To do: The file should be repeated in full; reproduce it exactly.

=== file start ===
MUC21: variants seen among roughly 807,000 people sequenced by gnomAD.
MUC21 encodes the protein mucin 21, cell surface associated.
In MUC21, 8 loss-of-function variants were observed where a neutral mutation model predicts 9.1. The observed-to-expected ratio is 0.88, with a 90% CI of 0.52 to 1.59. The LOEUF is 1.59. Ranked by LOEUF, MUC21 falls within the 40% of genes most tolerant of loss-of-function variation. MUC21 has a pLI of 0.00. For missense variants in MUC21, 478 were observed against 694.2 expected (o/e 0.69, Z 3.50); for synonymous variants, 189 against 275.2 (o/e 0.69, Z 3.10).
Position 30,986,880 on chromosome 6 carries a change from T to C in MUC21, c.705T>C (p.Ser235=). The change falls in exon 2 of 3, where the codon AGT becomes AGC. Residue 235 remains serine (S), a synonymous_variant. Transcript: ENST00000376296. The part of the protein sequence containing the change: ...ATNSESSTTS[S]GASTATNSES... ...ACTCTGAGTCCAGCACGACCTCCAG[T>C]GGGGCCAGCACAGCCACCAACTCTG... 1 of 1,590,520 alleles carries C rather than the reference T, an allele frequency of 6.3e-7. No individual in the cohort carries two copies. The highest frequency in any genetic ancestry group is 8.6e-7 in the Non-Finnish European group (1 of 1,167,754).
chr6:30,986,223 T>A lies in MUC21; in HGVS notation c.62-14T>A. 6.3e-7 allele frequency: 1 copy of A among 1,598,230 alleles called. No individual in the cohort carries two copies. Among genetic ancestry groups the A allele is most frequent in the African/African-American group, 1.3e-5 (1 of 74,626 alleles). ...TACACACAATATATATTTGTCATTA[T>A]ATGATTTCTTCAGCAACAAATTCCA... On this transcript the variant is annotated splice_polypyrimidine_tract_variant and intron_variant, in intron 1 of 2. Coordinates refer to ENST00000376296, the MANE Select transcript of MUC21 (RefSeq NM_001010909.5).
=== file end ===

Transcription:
MUC21: variants seen among roughly 807,000 people sequenced by gnomAD.
MUC21 encodes the protein mucin 21, cell surface associated.
In MUC21, 8 loss-of-function variants were observed where a neutral mutation model predicts 9.1. The observed-to-expected ratio is 0.88, with a 90% CI of 0.52 to 1.59. The LOEUF is 1.59. Ranked by LOEUF, MUC21 falls within the 40% of genes most tolerant of loss-of-function variation. MUC21 has a pLI of 0.00. For missense variants in MUC21, 478 were observed against 694.2 expected (o/e 0.69, Z 3.50); for synonymous variants, 189 against 275.2 (o/e 0.69, Z 3.10).
Position 30,986,880 on chromosome 6 carries a change from T to C in MUC21, c.705T>C (p.Ser235=). The change falls in exon 2 of 3, where the codon AGT becomes AGC. Residue 235 remains serine (S), a synonymous_variant. Transcript: ENST00000376296. The part of the protein sequence containing the change: ...ATNSESSTTS[S]GASTATNSES... ...ACTCTGAGTCCAGCACGACCTCCAG[T>C]GGGGCCAGCACAGCCACCAACTCTG... 1 of 1,590,520 alleles carries C rather than the reference T, an allele frequency of 6.3e-7. No individual in the cohort carries two copies. The highest frequency in any genetic ancestry group is 8.6e-7 in the Non-Finnish European group (1 of 1,167,754).
chr6:30,986,223 T>A lies in MUC21; in HGVS notation c.62-14T>A. 6.3e-7 allele frequency: 1 copy of A among 1,598,230 alleles called. No individual in the cohort carries two copies. Among genetic ancestry groups the A allele is most frequent in the African/African-American group, 1.3e-5 (1 of 74,626 alleles). ...TACACACAATATATATTTGTCATTA[T>A]ATGATTTCTTCAGCAACAAATTCCA... On this transcript the variant is annotated splice_polypyrimidine_tract_variant and intron_variant, in intron 1 of 2. Coordinates refer to ENST00000376296, the MANE Select transcript of MUC21 (RefSeq NM_001010909.5).